According to History Orb, on June 4, 1070, Roquefort cheese was first created in a cave near Roquefort, France. Because cheese appears so often in snack menus at William Blake Lodge, and because Thelema and O.T.O. have some indirect (or direct, depending on one’s point of view) roots in France’s Martinist Order , we present this recipe from the New York Times in honor of this French cheese.
- ¼ cup clover honey
- ½ cup aged sherry vinegar
- Kosher salt and ground black pepper
- 8 tbs (1 stick) unsalted butter at room temperature
- ¼ cup crumbled Roquefort cheese at room temperature
- 4 skin-on boneless chicken breasts, 8 ounces each
- 2 tbs canola oil
- 4 sprigs fresh rosemary, plus more for garnish.
Heat oven to 400 degrees. Put honey in a small saucepan and cook over medium-low heat until lightly golden brown, about 5 minutes. Add vinegar and cook until reduced and thickened, about 15 minutes. This sweet deglazed sauce is called a gastrique. Season to taste with salt and pepper. Keep warm.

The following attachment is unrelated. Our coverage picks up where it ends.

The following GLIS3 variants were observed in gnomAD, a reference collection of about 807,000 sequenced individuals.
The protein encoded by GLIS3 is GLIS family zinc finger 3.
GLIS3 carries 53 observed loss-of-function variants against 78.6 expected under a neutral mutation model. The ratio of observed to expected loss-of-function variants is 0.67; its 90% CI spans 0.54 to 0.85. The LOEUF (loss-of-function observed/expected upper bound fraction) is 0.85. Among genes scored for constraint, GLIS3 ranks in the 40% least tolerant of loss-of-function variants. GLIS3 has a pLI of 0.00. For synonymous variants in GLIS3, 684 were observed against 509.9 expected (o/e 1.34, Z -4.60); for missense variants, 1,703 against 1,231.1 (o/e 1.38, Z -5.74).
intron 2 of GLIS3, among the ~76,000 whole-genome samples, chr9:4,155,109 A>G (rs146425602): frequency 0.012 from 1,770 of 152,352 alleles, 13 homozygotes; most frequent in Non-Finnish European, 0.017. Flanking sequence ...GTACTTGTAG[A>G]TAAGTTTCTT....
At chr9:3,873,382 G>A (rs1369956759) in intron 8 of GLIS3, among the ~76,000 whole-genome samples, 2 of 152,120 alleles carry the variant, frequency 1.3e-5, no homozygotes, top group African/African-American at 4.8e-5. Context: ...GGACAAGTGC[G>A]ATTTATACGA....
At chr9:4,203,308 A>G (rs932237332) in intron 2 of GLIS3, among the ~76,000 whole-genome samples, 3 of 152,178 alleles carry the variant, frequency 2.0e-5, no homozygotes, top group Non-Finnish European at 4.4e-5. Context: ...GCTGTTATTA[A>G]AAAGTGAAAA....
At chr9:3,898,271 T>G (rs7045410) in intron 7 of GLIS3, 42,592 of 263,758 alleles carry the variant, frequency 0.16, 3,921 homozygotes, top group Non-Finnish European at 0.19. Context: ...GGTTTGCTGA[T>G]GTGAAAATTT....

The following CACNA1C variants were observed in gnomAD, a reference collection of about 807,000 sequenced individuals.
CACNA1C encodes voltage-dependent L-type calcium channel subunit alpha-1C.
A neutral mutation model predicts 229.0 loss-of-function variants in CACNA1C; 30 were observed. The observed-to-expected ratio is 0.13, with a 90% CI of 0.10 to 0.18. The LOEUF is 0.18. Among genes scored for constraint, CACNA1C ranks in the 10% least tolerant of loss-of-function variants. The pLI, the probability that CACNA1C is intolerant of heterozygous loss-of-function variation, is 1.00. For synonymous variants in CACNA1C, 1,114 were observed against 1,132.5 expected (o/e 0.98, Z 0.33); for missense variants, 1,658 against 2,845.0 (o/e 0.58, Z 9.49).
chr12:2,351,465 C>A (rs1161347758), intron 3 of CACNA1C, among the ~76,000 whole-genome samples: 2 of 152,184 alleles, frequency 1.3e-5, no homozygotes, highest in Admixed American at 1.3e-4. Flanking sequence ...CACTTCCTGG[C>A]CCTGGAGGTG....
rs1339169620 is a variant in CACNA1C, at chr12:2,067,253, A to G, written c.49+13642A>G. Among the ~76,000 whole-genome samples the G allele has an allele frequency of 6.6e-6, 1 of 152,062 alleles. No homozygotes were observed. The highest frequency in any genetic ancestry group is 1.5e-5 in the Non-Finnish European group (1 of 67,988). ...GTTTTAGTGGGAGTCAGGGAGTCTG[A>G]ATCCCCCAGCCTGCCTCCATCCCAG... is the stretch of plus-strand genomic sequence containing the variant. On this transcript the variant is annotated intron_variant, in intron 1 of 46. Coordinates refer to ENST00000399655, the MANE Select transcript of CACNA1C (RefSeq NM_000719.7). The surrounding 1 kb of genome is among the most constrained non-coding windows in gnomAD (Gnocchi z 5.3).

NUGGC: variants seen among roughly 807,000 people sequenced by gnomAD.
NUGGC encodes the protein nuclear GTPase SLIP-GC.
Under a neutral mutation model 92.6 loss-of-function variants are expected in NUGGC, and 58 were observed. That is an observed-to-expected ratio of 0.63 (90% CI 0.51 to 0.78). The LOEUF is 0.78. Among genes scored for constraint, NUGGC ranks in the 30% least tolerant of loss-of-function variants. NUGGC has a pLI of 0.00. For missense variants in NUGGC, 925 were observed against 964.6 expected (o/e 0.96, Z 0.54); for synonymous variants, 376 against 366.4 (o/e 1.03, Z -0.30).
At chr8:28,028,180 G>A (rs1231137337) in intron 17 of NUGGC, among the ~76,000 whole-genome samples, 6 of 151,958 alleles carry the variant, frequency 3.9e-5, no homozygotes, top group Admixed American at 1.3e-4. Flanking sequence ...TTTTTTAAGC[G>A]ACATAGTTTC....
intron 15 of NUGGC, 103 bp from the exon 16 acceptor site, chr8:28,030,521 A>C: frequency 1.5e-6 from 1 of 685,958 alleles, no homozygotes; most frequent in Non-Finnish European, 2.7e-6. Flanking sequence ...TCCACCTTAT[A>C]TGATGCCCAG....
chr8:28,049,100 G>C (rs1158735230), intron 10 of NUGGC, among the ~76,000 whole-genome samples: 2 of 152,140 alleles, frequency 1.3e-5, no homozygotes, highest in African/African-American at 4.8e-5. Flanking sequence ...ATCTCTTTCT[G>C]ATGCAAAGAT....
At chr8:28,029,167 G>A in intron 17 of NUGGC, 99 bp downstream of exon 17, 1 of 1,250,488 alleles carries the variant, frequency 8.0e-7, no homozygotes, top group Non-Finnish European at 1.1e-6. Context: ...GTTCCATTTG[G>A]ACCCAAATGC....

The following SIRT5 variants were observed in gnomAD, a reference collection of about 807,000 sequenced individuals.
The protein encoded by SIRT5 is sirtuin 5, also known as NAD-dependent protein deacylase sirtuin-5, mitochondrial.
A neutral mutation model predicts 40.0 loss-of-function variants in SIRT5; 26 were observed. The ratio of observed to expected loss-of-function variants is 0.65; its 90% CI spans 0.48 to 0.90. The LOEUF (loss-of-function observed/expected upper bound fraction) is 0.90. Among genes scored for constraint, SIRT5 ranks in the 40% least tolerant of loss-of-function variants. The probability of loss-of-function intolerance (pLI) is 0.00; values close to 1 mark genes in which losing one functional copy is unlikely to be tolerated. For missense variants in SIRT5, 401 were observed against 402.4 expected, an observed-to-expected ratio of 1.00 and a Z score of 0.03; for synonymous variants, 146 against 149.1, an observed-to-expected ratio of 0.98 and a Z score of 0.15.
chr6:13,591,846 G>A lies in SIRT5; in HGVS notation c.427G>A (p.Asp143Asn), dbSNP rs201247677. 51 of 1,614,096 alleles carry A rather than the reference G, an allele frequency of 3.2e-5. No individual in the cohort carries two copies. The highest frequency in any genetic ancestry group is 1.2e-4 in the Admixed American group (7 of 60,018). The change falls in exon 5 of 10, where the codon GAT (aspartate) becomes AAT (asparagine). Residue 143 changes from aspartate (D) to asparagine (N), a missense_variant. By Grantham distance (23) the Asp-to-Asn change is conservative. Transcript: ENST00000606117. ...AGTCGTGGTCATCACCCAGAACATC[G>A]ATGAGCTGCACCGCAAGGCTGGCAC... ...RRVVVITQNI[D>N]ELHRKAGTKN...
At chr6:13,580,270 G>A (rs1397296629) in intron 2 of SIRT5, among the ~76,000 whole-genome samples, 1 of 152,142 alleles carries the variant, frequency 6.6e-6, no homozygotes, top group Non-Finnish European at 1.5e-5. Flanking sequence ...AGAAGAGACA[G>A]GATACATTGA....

Mix together the butter and blue cheese in a small bowl until well blended, and season to taste with salt and pepper. Using your fingers, gently loosen the skin from the chicken breasts and stuff about 1 heaping tablespoon of the blue cheese butter under the skin of each breast, smoothing the skin to evenly distribute the butter over the surface of the breast meat. Season both sides of the chicken with salt and pepper.
Heat oil in large ovenproof sauté pan over medium heat until it begins to shimmer. Put chicken in the pan, skin-side down, and cook until fat renders and skin is golden brown and crispy, about 5 minutes. Turn chicken and add four rosemary sprigs to pan. Place in oven and roast until breasts are just cooked through, about 5 minutes longer. Remove pan from oven and heat broiler. Spread the remaining butter over the tops of each breast and place under the broiler until golden brown and blistered.
Remove each breast to a plate, spoon some of the pan drippings over each breast and immediately drizzle with some of the gastrique. Garnish with rosemary.